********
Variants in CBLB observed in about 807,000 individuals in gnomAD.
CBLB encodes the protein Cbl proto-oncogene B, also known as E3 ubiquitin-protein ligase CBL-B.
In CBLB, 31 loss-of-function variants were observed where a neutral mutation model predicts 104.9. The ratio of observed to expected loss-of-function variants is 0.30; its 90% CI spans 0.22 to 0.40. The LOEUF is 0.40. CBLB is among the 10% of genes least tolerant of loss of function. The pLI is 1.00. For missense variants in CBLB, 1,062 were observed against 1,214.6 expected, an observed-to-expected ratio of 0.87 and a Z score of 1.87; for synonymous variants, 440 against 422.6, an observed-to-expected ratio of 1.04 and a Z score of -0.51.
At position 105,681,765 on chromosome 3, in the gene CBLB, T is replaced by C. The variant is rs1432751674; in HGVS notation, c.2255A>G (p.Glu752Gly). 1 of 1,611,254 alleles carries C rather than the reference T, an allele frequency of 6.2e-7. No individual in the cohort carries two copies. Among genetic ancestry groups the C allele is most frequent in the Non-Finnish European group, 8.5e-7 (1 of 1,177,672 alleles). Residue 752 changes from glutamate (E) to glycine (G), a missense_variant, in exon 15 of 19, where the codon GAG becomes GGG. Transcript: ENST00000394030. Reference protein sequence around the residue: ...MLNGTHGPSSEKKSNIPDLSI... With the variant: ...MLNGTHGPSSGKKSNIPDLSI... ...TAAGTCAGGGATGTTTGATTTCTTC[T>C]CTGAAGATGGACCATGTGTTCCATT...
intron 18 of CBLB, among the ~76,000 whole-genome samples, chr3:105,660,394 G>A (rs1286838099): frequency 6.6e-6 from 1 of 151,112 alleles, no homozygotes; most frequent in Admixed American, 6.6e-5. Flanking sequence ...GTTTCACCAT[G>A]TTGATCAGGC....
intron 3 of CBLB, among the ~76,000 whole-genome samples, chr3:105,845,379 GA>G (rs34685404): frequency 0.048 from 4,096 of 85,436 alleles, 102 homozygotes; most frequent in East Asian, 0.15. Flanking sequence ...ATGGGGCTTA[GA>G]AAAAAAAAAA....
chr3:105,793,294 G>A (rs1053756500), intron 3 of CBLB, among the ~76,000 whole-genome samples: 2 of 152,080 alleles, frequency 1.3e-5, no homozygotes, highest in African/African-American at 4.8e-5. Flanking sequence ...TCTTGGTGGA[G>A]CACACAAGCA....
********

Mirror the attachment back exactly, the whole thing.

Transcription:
Variants in CBLB observed in about 807,000 individuals in gnomAD.
CBLB encodes the protein Cbl proto-oncogene B, also known as E3 ubiquitin-protein ligase CBL-B.
In CBLB, 31 loss-of-function variants were observed where a neutral mutation model predicts 104.9. The ratio of observed to expected loss-of-function variants is 0.30; its 90% CI spans 0.22 to 0.40. The LOEUF is 0.40. CBLB is among the 10% of genes least tolerant of loss of function. The pLI is 1.00. For missense variants in CBLB, 1,062 were observed against 1,214.6 expected, an observed-to-expected ratio of 0.87 and a Z score of 1.87; for synonymous variants, 440 against 422.6, an observed-to-expected ratio of 1.04 and a Z score of -0.51.
At position 105,681,765 on chromosome 3, in the gene CBLB, T is replaced by C. The variant is rs1432751674; in HGVS notation, c.2255A>G (p.Glu752Gly). 1 of 1,611,254 alleles carries C rather than the reference T, an allele frequency of 6.2e-7. No individual in the cohort carries two copies. Among genetic ancestry groups the C allele is most frequent in the Non-Finnish European group, 8.5e-7 (1 of 1,177,672 alleles). Residue 752 changes from glutamate (E) to glycine (G), a missense_variant, in exon 15 of 19, where the codon GAG becomes GGG. Transcript: ENST00000394030. Reference protein sequence around the residue: ...MLNGTHGPSSEKKSNIPDLSI... With the variant: ...MLNGTHGPSSGKKSNIPDLSI... ...TAAGTCAGGGATGTTTGATTTCTTC[T>C]CTGAAGATGGACCATGTGTTCCATT...
intron 18 of CBLB, among the ~76,000 whole-genome samples, chr3:105,660,394 G>A (rs1286838099): frequency 6.6e-6 from 1 of 151,112 alleles, no homozygotes; most frequent in Admixed American, 6.6e-5. Flanking sequence ...GTTTCACCAT[G>A]TTGATCAGGC....
intron 3 of CBLB, among the ~76,000 whole-genome samples, chr3:105,845,379 GA>G (rs34685404): frequency 0.048 from 4,096 of 85,436 alleles, 102 homozygotes; most frequent in East Asian, 0.15. Flanking sequence ...ATGGGGCTTA[GA>G]AAAAAAAAAA....
chr3:105,793,294 G>A (rs1053756500), intron 3 of CBLB, among the ~76,000 whole-genome samples: 2 of 152,080 alleles, frequency 1.3e-5, no homozygotes, highest in African/African-American at 4.8e-5. Flanking sequence ...TCTTGGTGGA[G>A]CACACAAGCA....